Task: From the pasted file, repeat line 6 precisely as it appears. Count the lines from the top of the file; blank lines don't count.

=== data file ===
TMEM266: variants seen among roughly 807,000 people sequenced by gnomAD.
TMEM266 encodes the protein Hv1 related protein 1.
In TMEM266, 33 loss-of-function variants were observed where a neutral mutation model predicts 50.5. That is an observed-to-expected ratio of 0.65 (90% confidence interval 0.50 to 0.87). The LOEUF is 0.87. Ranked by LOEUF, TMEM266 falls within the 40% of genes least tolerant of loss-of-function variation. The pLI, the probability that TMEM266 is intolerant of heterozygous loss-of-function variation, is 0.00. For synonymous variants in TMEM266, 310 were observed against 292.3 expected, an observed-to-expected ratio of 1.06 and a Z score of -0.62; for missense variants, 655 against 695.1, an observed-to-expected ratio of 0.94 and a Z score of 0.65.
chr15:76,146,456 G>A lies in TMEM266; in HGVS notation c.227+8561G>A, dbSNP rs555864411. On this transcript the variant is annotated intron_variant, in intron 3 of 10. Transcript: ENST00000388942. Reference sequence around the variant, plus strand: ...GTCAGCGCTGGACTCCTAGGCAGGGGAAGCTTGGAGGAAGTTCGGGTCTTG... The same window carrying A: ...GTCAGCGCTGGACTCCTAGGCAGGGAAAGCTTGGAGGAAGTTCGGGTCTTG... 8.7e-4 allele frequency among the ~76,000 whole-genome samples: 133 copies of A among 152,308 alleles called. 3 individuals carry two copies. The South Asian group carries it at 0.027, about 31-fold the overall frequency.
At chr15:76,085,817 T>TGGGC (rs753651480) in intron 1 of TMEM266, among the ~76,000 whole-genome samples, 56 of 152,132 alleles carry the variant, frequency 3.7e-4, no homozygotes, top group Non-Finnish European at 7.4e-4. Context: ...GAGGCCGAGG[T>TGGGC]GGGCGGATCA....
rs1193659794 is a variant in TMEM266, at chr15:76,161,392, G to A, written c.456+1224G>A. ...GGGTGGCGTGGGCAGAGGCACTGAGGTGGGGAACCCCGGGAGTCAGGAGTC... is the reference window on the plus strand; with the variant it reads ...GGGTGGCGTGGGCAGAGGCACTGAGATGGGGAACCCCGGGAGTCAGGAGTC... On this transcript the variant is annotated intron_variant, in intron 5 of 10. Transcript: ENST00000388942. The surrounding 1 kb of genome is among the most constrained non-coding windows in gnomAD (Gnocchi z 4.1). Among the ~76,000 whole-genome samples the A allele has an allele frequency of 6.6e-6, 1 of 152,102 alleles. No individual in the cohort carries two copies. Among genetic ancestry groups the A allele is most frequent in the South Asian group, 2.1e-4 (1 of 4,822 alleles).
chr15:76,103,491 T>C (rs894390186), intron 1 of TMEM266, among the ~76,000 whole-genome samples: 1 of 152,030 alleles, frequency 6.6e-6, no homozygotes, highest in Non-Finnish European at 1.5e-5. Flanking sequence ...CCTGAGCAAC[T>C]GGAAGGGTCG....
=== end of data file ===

rs1193659794 is a variant in TMEM266, at chr15:76,161,392, G to A, written c.456+1224G>A. ...GGGTGGCGTGGGCAGAGGCACTGAGGTGGGGAACCCCGGGAGTCAGGAGTC... is the reference window on the plus strand; with the variant it reads ...GGGTGGCGTGGGCAGAGGCACTGAGATGGGGAACCCCGGGAGTCAGGAGTC... On this transcript the variant is annotated intron_variant, in intron 5 of 10. Transcript: ENST00000388942. The surrounding 1 kb of genome is among the most constrained non-coding windows in gnomAD (Gnocchi z 4.1). Among the ~76,000 whole-genome samples the A allele has an allele frequency of 6.6e-6, 1 of 152,102 alleles. No individual in the cohort carries two copies. Among genetic ancestry groups the A allele is most frequent in the South Asian group, 2.1e-4 (1 of 4,822 alleles).